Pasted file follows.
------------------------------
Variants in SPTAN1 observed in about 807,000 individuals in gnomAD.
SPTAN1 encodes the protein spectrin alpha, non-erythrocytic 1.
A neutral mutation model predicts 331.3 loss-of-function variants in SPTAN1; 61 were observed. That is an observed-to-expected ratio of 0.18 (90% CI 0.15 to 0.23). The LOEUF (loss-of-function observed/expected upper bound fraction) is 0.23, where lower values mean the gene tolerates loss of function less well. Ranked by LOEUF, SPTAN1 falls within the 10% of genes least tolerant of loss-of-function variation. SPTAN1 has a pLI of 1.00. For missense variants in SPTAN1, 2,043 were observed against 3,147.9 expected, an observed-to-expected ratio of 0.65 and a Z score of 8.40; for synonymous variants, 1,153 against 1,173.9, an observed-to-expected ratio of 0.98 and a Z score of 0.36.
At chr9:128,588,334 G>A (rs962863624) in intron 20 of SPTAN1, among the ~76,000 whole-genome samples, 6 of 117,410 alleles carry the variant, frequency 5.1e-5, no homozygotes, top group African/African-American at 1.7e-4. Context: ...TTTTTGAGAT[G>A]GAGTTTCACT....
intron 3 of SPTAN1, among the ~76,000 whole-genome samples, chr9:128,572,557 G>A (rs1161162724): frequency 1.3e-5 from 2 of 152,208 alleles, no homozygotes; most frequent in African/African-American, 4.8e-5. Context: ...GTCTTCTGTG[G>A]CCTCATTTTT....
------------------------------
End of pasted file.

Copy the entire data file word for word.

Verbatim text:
Variants in SPTAN1 observed in about 807,000 individuals in gnomAD.
SPTAN1 encodes the protein spectrin alpha, non-erythrocytic 1.
A neutral mutation model predicts 331.3 loss-of-function variants in SPTAN1; 61 were observed. That is an observed-to-expected ratio of 0.18 (90% CI 0.15 to 0.23). The LOEUF (loss-of-function observed/expected upper bound fraction) is 0.23, where lower values mean the gene tolerates loss of function less well. Ranked by LOEUF, SPTAN1 falls within the 10% of genes least tolerant of loss-of-function variation. SPTAN1 has a pLI of 1.00. For missense variants in SPTAN1, 2,043 were observed against 3,147.9 expected, an observed-to-expected ratio of 0.65 and a Z score of 8.40; for synonymous variants, 1,153 against 1,173.9, an observed-to-expected ratio of 0.98 and a Z score of 0.36.
At chr9:128,588,334 G>A (rs962863624) in intron 20 of SPTAN1, among the ~76,000 whole-genome samples, 6 of 117,410 alleles carry the variant, frequency 5.1e-5, no homozygotes, top group African/African-American at 1.7e-4. Context: ...TTTTTGAGAT[G>A]GAGTTTCACT....
intron 3 of SPTAN1, among the ~76,000 whole-genome samples, chr9:128,572,557 G>A (rs1161162724): frequency 1.3e-5 from 2 of 152,208 alleles, no homozygotes; most frequent in African/African-American, 4.8e-5. Context: ...GTCTTCTGTG[G>A]CCTCATTTTT....